Exposure and Metering
Photography is all about light and shadows. An image is often called as an exposure. So what is exposure?
There are many explanations for exposure in photography. The summary of those explanations is below. When an image is said to be properly exposed?
Answer: when there is no clipping in highlights and shadows. It means there are detail in all the areas of the image/frame.
Highlights: The brighter areas of the frame
Shadows: Darker areas of the frame Grayscale: Grayscale will have/give luminance information 0 to 255 at any pixel. (It is a wide topic, let’s keep it as above for our understanding)
If it is 255 it will be pure white. If it is 0 it will be pure black
Clipping: If the luminance value at a pixel reaches 0 or 255 then the clipping occurs (which means no details)
In a frame, camera will measure all the light reflects from all the colours in grayscale. A properly exposed image will be perfect 18% Gray (which is the midpoint between 0(black) and 255(white)
But in practical it is not possible, as each colour will have different reflective property. Hence the camera will arrive at an average and will preserve the detail on highlights and shadows
Below are two examples of how camera meter works, based on the metering mode you select. Just observe the images will discuss about these images below. They are straight out of camera without any post processing
Image 1: Shot with Evaluative metering
Image 2 : Shot with Spot metering
Every digital camera in the world will have built in light meter, with which it will calculate the required amount of light to get the proper exposure for the frame in front of it. If it is advanced camera with manual settings (all DSLR and Mirrorless and Few Bridge Cameras) will have options to change the metering mode. If I explain the metering modes, you will easily understand what is metering. In any DSLR or Mirror less these are the metering modes available
I am a Canon user I will use canon terminology (excuse me guys) 1. Evaluative Metering 2. Centre-Weighted Average Metering
3. Partial Metering 4. Spot Metering
Above image shows the metering modes available in Canon and Nikon Cameras and its icon respectively. As you can see every icon is like a Frame or like shape of sensor/film. Among these metering modes most used metering mode is Evaluative Metering (Matrix metering in Nikon). Next mode which is widely used is Spot metering. Will discuss about these two modes But usage is based on the need and scene. Evaluative Metering/ Matrix Metering:- In this metering mode camera will take all the reflected light from entire scene/frame in front of it to calculate the required setting or will give the meter reading to achieve the proper exposure. This will be widely used for event photography, indoors etc.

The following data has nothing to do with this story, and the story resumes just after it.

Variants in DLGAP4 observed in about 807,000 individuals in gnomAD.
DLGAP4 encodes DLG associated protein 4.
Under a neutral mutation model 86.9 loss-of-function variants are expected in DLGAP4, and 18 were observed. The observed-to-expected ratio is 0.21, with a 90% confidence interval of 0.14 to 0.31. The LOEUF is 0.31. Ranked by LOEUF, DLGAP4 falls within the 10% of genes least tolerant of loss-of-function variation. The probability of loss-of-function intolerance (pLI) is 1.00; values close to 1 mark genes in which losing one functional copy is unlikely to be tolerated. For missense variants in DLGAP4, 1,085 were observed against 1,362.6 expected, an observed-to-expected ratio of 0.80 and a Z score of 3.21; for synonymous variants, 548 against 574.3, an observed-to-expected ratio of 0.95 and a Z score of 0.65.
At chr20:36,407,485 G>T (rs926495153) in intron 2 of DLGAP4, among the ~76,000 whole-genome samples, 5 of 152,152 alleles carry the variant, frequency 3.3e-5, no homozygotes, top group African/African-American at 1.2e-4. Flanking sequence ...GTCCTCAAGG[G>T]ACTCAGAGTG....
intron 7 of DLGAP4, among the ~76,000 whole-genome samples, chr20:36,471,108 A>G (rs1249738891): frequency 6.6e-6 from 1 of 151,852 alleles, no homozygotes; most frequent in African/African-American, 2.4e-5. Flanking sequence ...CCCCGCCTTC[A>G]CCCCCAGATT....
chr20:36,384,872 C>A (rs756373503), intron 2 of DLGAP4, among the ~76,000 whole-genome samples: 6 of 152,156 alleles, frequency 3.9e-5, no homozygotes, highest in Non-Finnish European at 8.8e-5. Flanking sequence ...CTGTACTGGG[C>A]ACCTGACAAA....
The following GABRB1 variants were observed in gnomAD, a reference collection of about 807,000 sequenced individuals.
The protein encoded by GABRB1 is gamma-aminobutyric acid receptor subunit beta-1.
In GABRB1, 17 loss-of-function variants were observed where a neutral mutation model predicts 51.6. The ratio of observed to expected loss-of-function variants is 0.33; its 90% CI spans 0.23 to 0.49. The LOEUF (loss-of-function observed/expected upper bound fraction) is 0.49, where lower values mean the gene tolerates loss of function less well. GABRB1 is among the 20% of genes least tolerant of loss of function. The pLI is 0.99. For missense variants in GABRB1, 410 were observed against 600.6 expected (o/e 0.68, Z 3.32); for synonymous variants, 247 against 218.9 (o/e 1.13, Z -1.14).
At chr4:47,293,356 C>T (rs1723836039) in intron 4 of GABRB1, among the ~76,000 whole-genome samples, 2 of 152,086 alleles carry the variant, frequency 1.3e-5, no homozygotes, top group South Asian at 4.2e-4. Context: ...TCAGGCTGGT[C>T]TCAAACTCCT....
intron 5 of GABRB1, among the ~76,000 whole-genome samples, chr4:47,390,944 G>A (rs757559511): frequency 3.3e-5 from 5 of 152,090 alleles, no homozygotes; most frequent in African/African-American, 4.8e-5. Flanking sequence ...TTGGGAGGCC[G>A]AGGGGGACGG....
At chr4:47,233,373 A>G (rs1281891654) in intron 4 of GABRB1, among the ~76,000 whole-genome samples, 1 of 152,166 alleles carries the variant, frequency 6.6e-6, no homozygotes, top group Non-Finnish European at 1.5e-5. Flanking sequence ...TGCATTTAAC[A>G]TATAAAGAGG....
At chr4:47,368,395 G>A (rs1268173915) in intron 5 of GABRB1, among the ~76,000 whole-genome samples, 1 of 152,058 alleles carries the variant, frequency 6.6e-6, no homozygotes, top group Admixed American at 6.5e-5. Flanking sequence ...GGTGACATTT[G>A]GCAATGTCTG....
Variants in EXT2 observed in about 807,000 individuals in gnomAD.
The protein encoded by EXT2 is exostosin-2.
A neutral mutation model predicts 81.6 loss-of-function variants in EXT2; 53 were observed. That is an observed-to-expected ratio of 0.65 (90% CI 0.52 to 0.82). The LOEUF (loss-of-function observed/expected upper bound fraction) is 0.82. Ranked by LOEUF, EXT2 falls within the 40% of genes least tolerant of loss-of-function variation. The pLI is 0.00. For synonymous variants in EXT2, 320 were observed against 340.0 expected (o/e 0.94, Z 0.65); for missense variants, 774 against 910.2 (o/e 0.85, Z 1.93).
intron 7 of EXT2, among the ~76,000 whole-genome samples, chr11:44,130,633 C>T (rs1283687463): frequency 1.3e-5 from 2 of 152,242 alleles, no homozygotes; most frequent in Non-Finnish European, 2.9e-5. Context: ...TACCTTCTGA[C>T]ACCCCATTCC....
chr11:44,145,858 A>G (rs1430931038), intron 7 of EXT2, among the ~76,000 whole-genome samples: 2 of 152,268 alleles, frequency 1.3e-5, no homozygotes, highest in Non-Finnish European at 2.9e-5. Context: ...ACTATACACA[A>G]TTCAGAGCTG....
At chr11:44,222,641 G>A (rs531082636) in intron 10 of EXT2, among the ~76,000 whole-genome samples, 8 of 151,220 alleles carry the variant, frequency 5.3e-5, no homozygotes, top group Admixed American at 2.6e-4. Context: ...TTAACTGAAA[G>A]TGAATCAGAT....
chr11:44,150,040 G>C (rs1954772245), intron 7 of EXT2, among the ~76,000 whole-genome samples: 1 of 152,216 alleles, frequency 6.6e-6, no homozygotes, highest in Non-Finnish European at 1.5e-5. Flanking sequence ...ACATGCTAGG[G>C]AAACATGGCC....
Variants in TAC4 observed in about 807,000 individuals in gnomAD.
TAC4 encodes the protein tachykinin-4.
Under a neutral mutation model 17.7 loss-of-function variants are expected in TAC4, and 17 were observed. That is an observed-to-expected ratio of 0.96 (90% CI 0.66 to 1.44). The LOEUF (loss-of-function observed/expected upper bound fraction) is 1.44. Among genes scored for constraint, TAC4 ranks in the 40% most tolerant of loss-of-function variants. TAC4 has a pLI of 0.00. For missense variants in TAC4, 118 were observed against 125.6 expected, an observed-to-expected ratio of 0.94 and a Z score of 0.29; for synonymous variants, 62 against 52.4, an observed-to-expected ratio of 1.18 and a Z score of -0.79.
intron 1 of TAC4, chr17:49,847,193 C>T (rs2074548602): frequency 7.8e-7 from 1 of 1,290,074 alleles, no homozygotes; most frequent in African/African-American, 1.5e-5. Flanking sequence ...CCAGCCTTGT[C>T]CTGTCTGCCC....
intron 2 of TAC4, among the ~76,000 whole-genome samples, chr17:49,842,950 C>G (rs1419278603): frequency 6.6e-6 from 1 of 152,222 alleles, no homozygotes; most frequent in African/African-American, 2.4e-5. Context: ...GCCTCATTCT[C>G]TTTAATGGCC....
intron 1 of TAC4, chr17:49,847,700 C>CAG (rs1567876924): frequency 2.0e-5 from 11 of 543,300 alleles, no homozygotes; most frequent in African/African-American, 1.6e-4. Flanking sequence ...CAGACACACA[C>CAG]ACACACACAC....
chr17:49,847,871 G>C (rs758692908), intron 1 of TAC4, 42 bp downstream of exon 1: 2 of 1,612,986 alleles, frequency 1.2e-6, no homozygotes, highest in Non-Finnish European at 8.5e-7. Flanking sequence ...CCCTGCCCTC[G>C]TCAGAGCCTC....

lets discuss about image 1 - It was shot with evaluative metering, in which camera has brought down the exposure to get the details in highlights in the background(the details of the building are visible)
(All digital cameras will work to expose the highlights properly)
But at the same time our main subject is way under exposed. This is because the camera considered the light from entire scene and averaged the exposure to keep details in highlights and shadows
Spot Metering:- In this metering mode camera will consider the light from (in most cameras) centre focus point to calculate the exposure. The local area at centre focus point will be properly exposed. If there is any highlights clipping or shadow clipping at other areas camera will not worry about it. This mode is used when there is heavy backlit that means heavy light from back of the subject towards camera, to shoot a flower etc. For example:- Consider the image 2, It was shot with spot metering. The red warning areas are highlight clipping (it means details were missing). Camera took the light values from the centre of the frame and arrived at the required exposure. So the subject is properly exposed and back ground is blown (over exposed), The details in the buildings are not clearly visible.
Best performing 35mm sensor in current mark have dynamic range of around 14 stops. Human eye can read about 20 stops.
Stops – that is how light calculated in photography, will discuss in detail in coming topics
So metering (calculating the light) is what camera do to arrive at proper exposure. Metering modes are there to customize the camera meter for various shooting conditions.